Our Clients in Social & Human Services

Included by Design

Universal design, universal appeal

Sean Crump knows what a difference Universal Design (sometimes also called inclusive design or barrier-free design) can make, and he’s on a mission to see it included in every building across Alberta.

As the co-founder of Calgary-based Included by Design, Sean Crump has already worked with clients like the Glenbow Museum, the University of Calgary, the Canada Lands Company, and Calgary Pride to help them build accessible and inclusive spaces.

His passion for inclusive design can be traced back to 2004, when at age 19, a diving accident left him a quadriplegic. The sudden change was devastating for many reasons, not the least of which was the shift in the way people treated him after the injury.

“I noticed a massive discrepancy in what my life was and then what it became. Not just physical challenges and barriers — there were a lot of systemic challenges beyond just not getting somewhere,” he says.

“It was even the expectation that somebody has in terms of a disabled person’s ability to contribute to something or what their capability was. It was like I was being congratulated for getting out of bed that day, even though I’d been doing that for 19 years before that.”

Nearly two decades later, Crump has become an active voice in the disability sector, working to bring awareness to issues of inclusion and accessibility. He now sits on several boards and committees, including the federal government’s technical committee for accessibility, and the boards of Barrier-Free Canada, Cerebral Palsy Alberta, and Voices of Albertans with Disabilities. His goal is to change the conversation around how people with disabilities are included and supported in society — and that starts with some foundational work.

Today Crump’s firm, Included by Design, promotes the concepts of Universal Design — things like automatic doors, entry ramps and adaptive lighting — which make spaces more inclusive, usable and accessible. He explains that the Accessible Canada Act — which governs Canada’s building code for barrier-free buildings is still in its infancy. He says it has a long way to go, which means there’s a lot of opportunity for growth.

“It’s credible that Canada’s trying to do it the right way, to make sure we’re putting something in place that has some ability to create impact right away,” he says. “But there’s a lot of ground to be made up, a lot of inequity that’s been experienced for much, much longer than I’ve been dealing with it.”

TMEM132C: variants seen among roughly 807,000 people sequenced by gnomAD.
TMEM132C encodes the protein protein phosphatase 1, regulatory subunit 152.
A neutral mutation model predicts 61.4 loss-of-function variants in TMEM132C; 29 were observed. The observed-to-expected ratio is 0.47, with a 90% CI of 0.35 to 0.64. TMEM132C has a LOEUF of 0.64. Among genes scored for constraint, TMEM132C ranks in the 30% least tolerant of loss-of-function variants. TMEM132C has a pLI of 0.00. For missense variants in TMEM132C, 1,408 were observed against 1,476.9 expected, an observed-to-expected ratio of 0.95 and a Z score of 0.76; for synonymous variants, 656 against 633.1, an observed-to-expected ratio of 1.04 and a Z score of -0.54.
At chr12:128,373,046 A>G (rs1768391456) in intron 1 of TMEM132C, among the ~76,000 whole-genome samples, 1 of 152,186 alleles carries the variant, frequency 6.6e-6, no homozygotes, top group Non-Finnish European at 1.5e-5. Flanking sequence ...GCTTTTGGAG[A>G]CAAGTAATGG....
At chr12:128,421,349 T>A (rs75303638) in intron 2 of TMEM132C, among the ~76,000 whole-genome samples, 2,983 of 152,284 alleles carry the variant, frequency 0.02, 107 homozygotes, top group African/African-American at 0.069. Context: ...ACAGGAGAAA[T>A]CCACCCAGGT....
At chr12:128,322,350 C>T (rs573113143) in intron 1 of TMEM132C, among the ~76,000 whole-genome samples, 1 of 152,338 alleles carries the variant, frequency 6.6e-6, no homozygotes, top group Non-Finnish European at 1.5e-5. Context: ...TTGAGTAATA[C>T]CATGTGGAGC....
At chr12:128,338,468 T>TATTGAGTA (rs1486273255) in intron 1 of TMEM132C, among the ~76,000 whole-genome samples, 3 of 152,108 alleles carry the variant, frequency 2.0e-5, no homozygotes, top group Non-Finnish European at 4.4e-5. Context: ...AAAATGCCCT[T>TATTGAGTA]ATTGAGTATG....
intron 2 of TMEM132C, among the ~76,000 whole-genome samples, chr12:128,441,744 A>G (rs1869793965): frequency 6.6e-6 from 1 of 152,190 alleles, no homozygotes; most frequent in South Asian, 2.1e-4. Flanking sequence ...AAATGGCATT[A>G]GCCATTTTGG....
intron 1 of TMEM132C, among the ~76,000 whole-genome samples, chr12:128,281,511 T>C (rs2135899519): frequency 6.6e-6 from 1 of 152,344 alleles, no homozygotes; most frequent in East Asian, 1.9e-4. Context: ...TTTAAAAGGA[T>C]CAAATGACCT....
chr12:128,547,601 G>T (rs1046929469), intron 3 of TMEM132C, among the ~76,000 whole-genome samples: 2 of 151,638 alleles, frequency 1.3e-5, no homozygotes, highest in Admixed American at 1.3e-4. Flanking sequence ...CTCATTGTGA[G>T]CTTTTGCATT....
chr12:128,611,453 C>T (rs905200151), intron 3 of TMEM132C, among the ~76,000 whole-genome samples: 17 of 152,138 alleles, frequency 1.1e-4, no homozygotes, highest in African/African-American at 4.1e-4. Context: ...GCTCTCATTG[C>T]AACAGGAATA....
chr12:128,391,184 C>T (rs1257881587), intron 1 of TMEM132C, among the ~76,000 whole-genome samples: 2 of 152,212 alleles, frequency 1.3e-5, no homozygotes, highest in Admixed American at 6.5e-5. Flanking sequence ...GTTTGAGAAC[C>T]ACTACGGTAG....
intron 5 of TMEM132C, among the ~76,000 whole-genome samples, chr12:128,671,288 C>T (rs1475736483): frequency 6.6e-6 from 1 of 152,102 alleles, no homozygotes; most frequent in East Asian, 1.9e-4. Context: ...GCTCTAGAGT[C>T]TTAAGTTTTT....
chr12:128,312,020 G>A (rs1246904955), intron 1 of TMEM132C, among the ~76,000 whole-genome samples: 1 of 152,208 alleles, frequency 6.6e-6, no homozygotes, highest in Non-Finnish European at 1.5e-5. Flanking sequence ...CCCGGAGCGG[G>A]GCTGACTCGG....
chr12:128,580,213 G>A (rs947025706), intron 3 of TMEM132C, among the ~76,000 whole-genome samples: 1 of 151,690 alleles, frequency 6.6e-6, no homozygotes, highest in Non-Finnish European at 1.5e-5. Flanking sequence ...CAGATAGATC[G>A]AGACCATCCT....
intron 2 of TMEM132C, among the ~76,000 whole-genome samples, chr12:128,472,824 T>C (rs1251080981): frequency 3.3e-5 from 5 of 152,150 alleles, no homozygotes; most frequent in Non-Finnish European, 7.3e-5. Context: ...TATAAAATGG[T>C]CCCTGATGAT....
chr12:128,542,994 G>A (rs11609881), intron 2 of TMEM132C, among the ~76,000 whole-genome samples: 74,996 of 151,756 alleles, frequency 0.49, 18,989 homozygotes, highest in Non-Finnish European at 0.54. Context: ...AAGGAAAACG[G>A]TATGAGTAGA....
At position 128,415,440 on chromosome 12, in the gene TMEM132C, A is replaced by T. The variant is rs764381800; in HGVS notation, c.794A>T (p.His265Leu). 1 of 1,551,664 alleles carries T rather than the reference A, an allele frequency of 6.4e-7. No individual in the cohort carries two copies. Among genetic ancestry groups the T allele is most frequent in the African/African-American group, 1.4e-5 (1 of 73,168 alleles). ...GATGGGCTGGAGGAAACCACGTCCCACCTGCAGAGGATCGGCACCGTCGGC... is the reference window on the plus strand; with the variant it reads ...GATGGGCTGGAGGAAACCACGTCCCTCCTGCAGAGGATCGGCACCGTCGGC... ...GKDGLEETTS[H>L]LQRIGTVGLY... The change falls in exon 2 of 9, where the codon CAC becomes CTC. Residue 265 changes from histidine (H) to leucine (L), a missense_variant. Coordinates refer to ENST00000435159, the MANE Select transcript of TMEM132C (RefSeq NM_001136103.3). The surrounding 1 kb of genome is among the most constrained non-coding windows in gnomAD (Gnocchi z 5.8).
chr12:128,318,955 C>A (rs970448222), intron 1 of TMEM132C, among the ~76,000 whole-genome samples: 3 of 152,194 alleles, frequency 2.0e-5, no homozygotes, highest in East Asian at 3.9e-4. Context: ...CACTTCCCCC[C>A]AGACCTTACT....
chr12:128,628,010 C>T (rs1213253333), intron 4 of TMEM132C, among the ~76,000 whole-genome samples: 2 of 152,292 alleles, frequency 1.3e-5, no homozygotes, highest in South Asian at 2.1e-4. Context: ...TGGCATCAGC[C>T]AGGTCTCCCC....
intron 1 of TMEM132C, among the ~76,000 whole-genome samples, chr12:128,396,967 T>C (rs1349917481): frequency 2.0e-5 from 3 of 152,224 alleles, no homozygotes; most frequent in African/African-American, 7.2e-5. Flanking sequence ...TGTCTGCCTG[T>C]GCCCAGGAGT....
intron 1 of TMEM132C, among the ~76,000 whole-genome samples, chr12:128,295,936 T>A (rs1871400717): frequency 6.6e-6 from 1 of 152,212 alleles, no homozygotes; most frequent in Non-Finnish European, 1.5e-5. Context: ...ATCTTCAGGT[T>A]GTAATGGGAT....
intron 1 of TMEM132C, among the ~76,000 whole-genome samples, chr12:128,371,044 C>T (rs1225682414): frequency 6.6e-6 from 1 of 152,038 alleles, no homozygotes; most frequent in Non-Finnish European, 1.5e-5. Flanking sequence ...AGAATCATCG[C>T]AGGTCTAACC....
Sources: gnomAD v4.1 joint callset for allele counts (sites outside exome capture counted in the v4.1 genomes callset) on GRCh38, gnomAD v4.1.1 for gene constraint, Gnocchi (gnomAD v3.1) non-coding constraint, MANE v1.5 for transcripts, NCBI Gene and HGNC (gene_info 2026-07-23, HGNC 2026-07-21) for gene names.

Outside of his own personal experiences, Crump also sees Included by Design’s work as crucial to future consumers. The World Health Organization estimates approximately 15 per cent of the global population lives with a disability today. In Canada, statistics suggest an even higher number – with 22 per cent of the population is living with a disability. But as demographic trends and medical advancements mean people with chronic conditions are living longer, the percentage of the population with a disability is expected to continue to rise.

“It’s a good niche to be in because I’m very connected to it and I feel like it’s something that needs a lot of correcting and there’s a lot of population impact,” he says.

Krooshal – An Accessibility App

Crump has also spearheaded the development of Krooshal, an app featuring certified accessible and inclusive businesses across Calgary. The locations have all been vetted by Included By Design, and are plotted on a virtual map for users. The beta version of the app launched in 2021, and within a few months, included profiles of dozens of businesses, ranging from restaurants and coffee shops to conference centres.

Working with Thin Air Labs, Included by Design has grown the app to include restaurants across Calgary. The platform can be used for any industry and virtually any user interest, from going out socially to finding employment, traveling or otherwise. In the future, Crump hopes to expand even further — both geographically, and for different user bases.

“The great thing is, we’ve got data with the app. So we’re trying to understand how it impacts and how it provides value to this community to ensure that this is something that is meaningful but also useful,” he says. “We want to really get ahead of ourselves on some elements and be truly reliable, to make sure needs are met from the user’s perspective.”

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